Funding Transportation & Infrastructure
Infrastructure is the foundation that connects our nation’s businesses, communities and people. Our nation’s public infrastructure system not only ensures the continuous transportation of people, goods, and services, but it also protects the health, safety, and welfare of the public. However, the infrastructure systems we rely on today are failing to keep pace with current and expanding needs. Simultaneously, investment in infrastructure is faltering. Given the tight fiscal constraints facing the nation today, it is necessary that we begin looking for new and collaborative ways to meet our need for improved and updated infrastructure.
Protecting Hawaii's Rural Airports
At the start of 2018, Tulsi introduced bipartisan legislation to exempt Hawaiʻi from regulations that threaten federal funding for the state’s Essential Air Service (EAS) communities, including Waimea-Kohala Airport on Hawaiʻi Island, Kalaupapa Airport on Molokaʻi, and Hana Airport on Maui. Given Hawaiʻi's unique reliance on air travel, the state has historically been exempt from EAS eligibility requirements. However, recent appropriations legislation requires EAS communities in all states located within 40 miles from the nearest small hub airport to implement a cost-share agreement with the U.S. Department of Transportation. This requirement has put federal funding for rural airports at risk, without taking into account the unique travel challenges of rural Hawaiʻi residents. Tulsi's legislation would extend protections for Hawaiʻi that Congress has long recognized and ensure our rural populations maintain access to critical transportation resources.
Supporting the Fixing America’s Surface Transportation Act (FAST)
According to the American Society of Civil Engineers, 27% of Hawaiʻi’s major roads are in poor condition, costing local drivers $483 million per year. At the end of 2015, Congress came together to pass the Fixing America’s Surface Transportation (FAST) Act, a bill Tulsi strongly supported. The FAST Act reauthorized critical funding for highway, bridge, transportation safety, and public transit projects in the U.S. through 2020, including more than $1.3 billion in federal transportation funds for Hawaiʻi. We must build on this progress by ensuring our federal government continues to make much-needed investments in infrastructure in our communities across the country.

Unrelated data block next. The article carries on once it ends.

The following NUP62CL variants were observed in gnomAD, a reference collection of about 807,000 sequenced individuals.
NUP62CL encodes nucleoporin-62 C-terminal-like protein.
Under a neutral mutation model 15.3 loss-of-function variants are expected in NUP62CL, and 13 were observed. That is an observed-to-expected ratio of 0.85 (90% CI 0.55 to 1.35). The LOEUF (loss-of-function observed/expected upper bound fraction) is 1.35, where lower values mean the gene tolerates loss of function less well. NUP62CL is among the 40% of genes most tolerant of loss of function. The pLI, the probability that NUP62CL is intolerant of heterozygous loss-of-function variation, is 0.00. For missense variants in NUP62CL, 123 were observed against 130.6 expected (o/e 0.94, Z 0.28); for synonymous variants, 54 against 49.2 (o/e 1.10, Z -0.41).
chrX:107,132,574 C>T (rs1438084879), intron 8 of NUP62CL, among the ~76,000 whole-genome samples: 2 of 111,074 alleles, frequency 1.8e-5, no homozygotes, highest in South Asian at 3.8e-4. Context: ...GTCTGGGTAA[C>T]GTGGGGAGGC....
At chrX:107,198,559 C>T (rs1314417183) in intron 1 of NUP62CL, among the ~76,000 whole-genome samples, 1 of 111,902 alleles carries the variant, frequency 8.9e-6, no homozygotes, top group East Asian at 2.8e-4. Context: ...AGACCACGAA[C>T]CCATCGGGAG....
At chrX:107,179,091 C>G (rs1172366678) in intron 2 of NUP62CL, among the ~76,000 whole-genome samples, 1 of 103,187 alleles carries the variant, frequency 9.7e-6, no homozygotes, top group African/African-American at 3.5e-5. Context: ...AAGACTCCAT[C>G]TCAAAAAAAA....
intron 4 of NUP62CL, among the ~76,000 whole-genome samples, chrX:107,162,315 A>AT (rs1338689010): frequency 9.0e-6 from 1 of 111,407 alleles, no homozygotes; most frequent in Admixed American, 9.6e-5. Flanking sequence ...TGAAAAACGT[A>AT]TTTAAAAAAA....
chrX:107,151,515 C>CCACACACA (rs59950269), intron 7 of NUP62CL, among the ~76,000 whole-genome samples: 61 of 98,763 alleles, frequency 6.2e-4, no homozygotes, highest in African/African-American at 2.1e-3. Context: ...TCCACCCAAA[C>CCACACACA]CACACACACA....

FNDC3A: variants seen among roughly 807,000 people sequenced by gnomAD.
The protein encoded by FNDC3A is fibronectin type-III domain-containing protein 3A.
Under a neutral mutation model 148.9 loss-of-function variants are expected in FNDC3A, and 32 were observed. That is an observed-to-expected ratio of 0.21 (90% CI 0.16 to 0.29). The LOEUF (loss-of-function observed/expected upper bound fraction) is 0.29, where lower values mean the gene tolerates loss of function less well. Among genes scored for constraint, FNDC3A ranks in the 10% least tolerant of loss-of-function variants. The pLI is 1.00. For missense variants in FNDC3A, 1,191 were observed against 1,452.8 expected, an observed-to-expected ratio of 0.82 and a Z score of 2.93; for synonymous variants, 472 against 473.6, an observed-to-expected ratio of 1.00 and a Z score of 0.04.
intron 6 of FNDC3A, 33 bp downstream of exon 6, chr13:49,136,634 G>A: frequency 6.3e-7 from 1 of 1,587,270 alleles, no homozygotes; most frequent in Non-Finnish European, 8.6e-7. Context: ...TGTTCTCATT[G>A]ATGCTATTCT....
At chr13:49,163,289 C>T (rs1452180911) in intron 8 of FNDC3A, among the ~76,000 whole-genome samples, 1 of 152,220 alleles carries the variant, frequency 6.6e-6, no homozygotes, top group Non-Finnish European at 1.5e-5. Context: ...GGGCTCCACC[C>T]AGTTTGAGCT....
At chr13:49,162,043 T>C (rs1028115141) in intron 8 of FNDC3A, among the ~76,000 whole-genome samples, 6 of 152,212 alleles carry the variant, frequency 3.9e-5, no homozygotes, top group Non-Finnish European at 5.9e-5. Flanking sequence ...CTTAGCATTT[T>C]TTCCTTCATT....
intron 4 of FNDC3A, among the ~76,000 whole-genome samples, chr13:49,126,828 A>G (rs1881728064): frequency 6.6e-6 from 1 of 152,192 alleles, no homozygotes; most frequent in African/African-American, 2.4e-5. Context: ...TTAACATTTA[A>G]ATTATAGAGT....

Restoring International Flights to Kona Airport
Tulsi worked with a coalition of public and private partners to help resume international flights at Kona Airport after they were discontinued in 2010. Restoring international flights to Kona has both supported Hawaii's tourism-based economy and addressed critical safety and security needs for the state by providing a secondary international port in case of emergency
Helping Keep Air Travel Affordable
As an island state, we are uniquely reliant on air travel. Air transportation is an essential lifeline for people in Hawaiʻi looking to find a job, start a small business, see a doctor, visit family and friends, and so much more. Tulsi has continued to fight to keep air travel taxes and fees as low as possible for people in Hawaiʻi and introduced the Passenger Fee Restructuring Exemptions Act to limit the passenger security fee for Hawaiʻi, Alaska, and rural populations that rely on air travel.
More on Funding Transportation & Infrastructure
Washington, DC—Reps. Tulsi Gabbard (HI-02), Colleen Hanabusa (HI-01), and Don Young (AK-AL) introduced bipartisan legislation today to exempt Hawaiʻi, Alaska, and communities that rely on essential air service as subsidized by the U.S. Department of Transportation, from increases in TSA air travel fees.
Honolulu, HI—This morning on Kauaʻi, Congresswoman Tulsi Gabbard (HI-02) continued her focus on criminal justice reform by touring the Kauaʻi Community Correctional Facility.
Thousands of U.S. veterans descended on Cannon Ball, North Dakota this weekend, determined to defend protesters opposing the construction of the final leg of the Dakota Access pipeline. Among them was U.S. Rep. Tulsi Gabbard (D-HI), a major in the Hawaii Army National Guard. The Congresswoman landed in Bismarck at 10 p.m. on Friday night, ready to help resist if the North Dakota National Guard was in fact, as rumored, deployed to clear out the camp.
Something happening some 3,000 miles away on the mainland usually wouldn’t attract too much attention from our state’s legislative leaders.
But the Dakota Access Pipeline project is drawing looks from the Aloha State, and Rep. Tulsi Gabbard took a strong stand against it on Thursday.
She is right.